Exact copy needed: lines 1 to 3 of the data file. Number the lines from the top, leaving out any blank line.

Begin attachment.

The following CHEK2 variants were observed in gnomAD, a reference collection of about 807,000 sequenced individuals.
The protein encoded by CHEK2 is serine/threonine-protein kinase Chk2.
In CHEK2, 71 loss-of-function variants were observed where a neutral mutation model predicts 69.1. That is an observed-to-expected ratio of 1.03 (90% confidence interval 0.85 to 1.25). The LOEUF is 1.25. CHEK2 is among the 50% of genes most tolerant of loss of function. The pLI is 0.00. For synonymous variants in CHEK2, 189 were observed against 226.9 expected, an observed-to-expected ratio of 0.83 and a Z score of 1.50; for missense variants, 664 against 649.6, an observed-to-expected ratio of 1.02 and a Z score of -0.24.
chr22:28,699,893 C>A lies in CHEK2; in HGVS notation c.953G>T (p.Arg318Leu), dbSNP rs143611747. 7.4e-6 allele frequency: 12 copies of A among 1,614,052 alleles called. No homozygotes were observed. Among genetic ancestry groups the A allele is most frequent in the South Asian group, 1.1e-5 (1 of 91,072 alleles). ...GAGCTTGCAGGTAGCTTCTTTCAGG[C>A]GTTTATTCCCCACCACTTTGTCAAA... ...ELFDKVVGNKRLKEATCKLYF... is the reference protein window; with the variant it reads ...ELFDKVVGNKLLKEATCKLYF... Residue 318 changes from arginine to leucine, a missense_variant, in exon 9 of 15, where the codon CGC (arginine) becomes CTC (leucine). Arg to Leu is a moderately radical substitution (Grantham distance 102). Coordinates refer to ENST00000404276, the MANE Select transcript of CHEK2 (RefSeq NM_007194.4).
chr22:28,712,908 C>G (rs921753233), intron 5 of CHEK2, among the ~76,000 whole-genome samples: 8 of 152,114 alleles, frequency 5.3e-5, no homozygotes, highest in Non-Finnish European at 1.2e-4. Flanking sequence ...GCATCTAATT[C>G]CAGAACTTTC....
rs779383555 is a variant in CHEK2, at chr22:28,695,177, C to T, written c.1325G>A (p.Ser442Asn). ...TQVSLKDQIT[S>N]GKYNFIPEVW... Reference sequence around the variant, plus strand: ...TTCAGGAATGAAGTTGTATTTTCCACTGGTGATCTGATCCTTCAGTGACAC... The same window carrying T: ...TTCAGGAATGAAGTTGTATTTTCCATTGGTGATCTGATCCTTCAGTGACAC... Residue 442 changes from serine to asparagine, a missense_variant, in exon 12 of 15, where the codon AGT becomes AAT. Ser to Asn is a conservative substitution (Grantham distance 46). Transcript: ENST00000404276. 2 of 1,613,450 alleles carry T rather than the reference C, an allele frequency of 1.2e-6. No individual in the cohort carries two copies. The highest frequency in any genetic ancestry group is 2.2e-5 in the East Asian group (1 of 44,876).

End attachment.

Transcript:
The following CHEK2 variants were observed in gnomAD, a reference collection of about 807,000 sequenced individuals.
The protein encoded by CHEK2 is serine/threonine-protein kinase Chk2.
In CHEK2, 71 loss-of-function variants were observed where a neutral mutation model predicts 69.1. That is an observed-to-expected ratio of 1.03 (90% confidence interval 0.85 to 1.25). The LOEUF is 1.25. CHEK2 is among the 50% of genes most tolerant of loss of function. The pLI is 0.00. For synonymous variants in CHEK2, 189 were observed against 226.9 expected, an observed-to-expected ratio of 0.83 and a Z score of 1.50; for missense variants, 664 against 649.6, an observed-to-expected ratio of 1.02 and a Z score of -0.24.